Growing Rooster Potatoes

Rooster potatoes, produced by the Albert Bartlett company, are a popular but patented new variety of red-skinned, yellow-flesh potato which are currently not legally available for growing by American home gardeners.

How to Grow Potatoes 05:02

Joe Lamp'l shows how to plant, grow and harvest potatoes.

The Albert Bartlett Rooster potato, developed fairly recently in Ireland and now that island’s most commonly-grown, is a heavy-producing variety now making the rounds in American supermarket and through word-of-mouth with gardeners in America.

Rooster potatoes are pinkish- or red-skinned, oval potatoes with yellow flesh and buttery, nutty flavors. The tubers have a low starch content and floury texture making them great for baking and mashing, yet they can be boiled.and used in soups and potato salads, making them great all-round potatoes.

Albert Bartlett

The Albert Bartlett produce company, founded in Scotland and run today by the third generation of the family, is Britain’s leading supplier of potatoes. Bartlett potato growing operations supply an estimated one in five of the UK’s fresh potatoes, and recently began expanding operations to the United States.

The Bad News

Unfortunately, though still-patented Albert Bartlett Rooster seed potatoes are available for planting by gardeners in Ireland and the UK, its developers have made it unavailable in America except to select commercial producers. This means for the next few years it won’t be legal to grow them without a license – not even by home gardeners.  

And supermarket spuds may be treated to prevent or reduce their sprouting, making them not suitable for starting potatoes at home.

Meanwhile, a very similar older potato variety, popular for over half a century in English community gardens, is Desiree, which is pretty similar in appearance, color and flavor.

Growing Rooster Potatoes

Once Rooster seed potatoes become available to American gardeners, they can be grown like any other mid- to late-season main crop potatoes.

The somewhat large Rooster plants need four months or so of cool weather – neither freezing nor consistently above the mid-80s – to produce well. They require at least six or eight hours of direct sunshine and moist, well-drained soils.  

Cut seed potatoes into small pieces, each with one or two small leaf bud “eyes” and allow the cut pieces to dry a few days before planting. Plant three inches deep and a foot or so apart in rows, hills, raised beds, or containers. Work in an all-purpose fertilizer at planting and add more around the sides of plants a month after plants start growing. .

Avoid the sun-greening of potato tubers, which cause a bitter flavor and the buildup of a poisonous plant alkaloid called solanine, by piling soil thick mulch around small plants, repeating as needed until six or eight inches of lower stems are buried.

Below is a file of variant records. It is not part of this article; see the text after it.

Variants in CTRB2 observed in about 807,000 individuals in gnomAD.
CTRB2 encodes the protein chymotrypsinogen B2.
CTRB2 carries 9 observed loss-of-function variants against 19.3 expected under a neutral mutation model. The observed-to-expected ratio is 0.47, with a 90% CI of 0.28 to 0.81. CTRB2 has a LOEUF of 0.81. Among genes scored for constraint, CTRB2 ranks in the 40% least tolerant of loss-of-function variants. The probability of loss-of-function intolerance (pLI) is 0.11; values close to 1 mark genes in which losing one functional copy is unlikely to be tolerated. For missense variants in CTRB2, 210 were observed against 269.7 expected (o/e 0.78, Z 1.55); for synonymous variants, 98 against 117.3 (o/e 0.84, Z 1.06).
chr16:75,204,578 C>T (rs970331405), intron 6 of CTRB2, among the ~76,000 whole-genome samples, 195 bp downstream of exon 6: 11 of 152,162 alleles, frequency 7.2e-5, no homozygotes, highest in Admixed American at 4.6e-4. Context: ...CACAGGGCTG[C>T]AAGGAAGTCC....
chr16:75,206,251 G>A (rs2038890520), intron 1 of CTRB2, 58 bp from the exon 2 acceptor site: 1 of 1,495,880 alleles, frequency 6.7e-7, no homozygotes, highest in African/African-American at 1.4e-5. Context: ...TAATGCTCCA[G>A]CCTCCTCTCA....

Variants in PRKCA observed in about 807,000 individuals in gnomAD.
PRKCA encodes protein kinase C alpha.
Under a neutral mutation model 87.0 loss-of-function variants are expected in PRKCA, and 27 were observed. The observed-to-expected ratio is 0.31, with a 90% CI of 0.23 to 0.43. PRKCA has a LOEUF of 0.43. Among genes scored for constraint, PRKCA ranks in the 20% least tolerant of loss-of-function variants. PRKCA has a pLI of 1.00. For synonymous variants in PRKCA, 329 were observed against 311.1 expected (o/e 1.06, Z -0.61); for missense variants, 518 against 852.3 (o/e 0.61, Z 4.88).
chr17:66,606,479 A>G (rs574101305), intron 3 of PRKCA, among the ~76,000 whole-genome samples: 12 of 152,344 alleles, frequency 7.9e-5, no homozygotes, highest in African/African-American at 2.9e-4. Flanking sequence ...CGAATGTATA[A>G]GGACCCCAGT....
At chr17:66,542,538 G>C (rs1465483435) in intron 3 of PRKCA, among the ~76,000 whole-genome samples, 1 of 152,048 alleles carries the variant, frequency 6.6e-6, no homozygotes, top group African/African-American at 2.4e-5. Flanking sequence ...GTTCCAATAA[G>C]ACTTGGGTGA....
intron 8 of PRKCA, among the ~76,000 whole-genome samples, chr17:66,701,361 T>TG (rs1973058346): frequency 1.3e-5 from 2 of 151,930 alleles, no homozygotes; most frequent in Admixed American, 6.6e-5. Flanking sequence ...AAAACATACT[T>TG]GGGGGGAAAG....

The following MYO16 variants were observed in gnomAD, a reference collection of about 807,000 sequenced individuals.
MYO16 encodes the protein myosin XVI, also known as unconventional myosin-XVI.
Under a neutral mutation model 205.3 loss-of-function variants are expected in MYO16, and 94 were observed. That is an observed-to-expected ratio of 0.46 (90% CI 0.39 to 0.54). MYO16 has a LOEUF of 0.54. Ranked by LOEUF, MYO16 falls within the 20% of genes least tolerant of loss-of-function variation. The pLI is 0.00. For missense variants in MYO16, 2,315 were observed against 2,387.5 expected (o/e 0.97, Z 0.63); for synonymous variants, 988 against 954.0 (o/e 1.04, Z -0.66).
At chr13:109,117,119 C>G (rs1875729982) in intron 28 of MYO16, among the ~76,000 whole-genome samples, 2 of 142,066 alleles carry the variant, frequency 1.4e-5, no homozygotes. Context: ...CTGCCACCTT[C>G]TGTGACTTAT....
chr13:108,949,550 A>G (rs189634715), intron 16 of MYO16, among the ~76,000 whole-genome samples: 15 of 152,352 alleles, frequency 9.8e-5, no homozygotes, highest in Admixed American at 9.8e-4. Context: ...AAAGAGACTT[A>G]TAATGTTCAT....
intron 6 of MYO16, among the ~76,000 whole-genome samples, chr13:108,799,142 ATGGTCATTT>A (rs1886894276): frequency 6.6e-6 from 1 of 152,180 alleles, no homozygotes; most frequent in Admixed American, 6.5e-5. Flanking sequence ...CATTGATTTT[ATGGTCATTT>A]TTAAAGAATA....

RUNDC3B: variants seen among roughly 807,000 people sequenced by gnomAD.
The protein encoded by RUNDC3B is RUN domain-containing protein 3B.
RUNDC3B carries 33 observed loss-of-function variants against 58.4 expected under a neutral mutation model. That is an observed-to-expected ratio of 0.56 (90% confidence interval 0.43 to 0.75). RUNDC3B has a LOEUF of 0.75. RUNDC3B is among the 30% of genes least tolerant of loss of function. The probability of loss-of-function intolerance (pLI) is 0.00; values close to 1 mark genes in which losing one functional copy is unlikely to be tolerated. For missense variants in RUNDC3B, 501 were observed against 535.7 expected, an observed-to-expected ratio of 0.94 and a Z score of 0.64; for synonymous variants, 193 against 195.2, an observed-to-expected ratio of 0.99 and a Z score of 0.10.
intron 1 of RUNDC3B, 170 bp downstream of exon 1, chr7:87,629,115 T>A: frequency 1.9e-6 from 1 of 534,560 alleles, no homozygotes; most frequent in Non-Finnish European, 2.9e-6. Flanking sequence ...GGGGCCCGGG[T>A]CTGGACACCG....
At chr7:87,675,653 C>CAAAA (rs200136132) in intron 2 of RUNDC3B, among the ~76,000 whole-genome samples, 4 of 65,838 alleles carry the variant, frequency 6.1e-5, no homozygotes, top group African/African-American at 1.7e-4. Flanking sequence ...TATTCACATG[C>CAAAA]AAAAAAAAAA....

Harvesting Potatoes

Rooster potatoes can be harvested about four months after planting, either when plants start to turn yellow or when plants are cut down and allowed to dry a few days before tuber harvest. While digging, avoid cuts and bruisesl; gently brush off soil instead of washing which can lead to decay during storage. .

Store mature potato tubers in a cool, dry, dark area for four or five months or longer, checking regularly for shriveling and decay.

Next Up

Growing White Potatoes

White potatoes are classics with light tan skin and pure white flesh, and are indispensable for using in nearly any recipe but are superb when boiled or fried.

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Growing organic potatoes requires careful attention to soil preparation, choosing early-producing disease-resistant potato varieties, and following good cultural practices, and using natural fertilizers, crop rotation, row covers, and if necessary, the careful application of organic pesticides.

Growing Small Potatoes

Many gardeners love hand-harvesting small, immature potato tubers early in the season from beneath still-growing plants. They tend to be extra sweet and tender.

Growing Waxy Potatoes

Waxy potatoes can be any shape, size, or color, but tend to be relatively low in starch, which causes them to retain their shape when cooked, making them ideal for boiling and chopping, not for mashing or baking.

Growing Fingerling Potatoes

A fingerling potato is grown to maturity like most other potatoes, but comes from a special variety known to produce unusual tubers which are small and long, shaped much like fingers.

Growing Red Potatoes

Red potatoes are generally easy-to-grow small potatoes with thin, edible red skins and white flesh, and are the most common potatoes used for boiling and steaming.

Growing Russet Potatoes

Russet potatoes are classic big, brown cut-and-fry or baking potatoes – large, uniform, and dependable producers in the home garden.

Growing Purple Potatoes

What are purple potatoes? They are natural varieties with deep purple skins and flesh, high in antioxidants which makes them extra healthful to eat.

Growing Heirloom Potatoes

Heirloom potatoes have been passed down, year after year, for many decades, and offer unique shapes, colors, and cooking qualities worth trying in the home garden.

Growing Blue Potatoes

Blue potatoes are not just fun-to-grow, interestingly-colored for cooking, but also often have subtle flavors and are very high in antioxidants, making them extra nutritious.

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